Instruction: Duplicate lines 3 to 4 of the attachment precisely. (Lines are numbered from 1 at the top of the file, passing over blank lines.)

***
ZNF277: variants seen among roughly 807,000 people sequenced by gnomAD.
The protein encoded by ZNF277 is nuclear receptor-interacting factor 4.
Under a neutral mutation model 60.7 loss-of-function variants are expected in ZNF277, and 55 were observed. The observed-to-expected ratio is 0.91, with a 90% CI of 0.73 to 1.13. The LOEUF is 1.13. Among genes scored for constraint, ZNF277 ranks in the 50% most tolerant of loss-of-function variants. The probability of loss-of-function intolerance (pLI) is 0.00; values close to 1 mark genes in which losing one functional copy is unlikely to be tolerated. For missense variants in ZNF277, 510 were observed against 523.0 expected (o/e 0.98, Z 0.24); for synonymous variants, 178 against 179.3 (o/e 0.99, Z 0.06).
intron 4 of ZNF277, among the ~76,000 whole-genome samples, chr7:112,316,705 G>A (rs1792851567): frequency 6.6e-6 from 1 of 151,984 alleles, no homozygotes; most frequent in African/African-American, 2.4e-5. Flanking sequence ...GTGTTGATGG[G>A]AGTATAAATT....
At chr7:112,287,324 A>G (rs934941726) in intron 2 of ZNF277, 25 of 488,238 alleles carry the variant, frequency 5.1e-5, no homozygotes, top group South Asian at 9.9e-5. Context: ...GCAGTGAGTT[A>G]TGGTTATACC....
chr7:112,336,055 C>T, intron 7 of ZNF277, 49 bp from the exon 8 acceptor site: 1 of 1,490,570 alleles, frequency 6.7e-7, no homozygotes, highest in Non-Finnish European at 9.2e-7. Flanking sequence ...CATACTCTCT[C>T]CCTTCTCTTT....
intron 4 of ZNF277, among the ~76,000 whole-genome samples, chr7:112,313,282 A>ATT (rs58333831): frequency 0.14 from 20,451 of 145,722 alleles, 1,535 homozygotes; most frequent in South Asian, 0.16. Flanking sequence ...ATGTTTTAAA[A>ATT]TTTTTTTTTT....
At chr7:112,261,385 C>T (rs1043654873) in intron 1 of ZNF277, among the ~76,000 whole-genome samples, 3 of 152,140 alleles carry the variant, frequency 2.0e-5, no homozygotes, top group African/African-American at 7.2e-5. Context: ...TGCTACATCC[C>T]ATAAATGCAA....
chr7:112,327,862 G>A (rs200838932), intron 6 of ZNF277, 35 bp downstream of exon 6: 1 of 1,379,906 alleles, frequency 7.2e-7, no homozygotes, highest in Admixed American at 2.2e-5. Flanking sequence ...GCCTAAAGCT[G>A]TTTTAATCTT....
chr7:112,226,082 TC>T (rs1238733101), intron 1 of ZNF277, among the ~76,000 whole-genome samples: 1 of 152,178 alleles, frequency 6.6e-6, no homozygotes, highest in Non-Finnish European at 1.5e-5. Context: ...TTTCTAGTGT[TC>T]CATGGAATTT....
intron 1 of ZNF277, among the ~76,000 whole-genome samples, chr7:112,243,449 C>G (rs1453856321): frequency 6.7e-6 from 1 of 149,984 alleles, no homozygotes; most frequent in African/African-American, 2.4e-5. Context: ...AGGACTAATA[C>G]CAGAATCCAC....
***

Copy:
Under a neutral mutation model 60.7 loss-of-function variants are expected in ZNF277, and 55 were observed. The observed-to-expected ratio is 0.91, with a 90% CI of 0.73 to 1.13. The LOEUF is 1.13. Among genes scored for constraint, ZNF277 ranks in the 50% most tolerant of loss-of-function variants. The probability of loss-of-function intolerance (pLI) is 0.00; values close to 1 mark genes in which losing one functional copy is unlikely to be tolerated. For missense variants in ZNF277, 510 were observed against 523.0 expected (o/e 0.98, Z 0.24); for synonymous variants, 178 against 179.3 (o/e 0.99, Z 0.06).
intron 4 of ZNF277, among the ~76,000 whole-genome samples, chr7:112,316,705 G>A (rs1792851567): frequency 6.6e-6 from 1 of 151,984 alleles, no homozygotes; most frequent in African/African-American, 2.4e-5. Flanking sequence ...GTGTTGATGG[G>A]AGTATAAATT....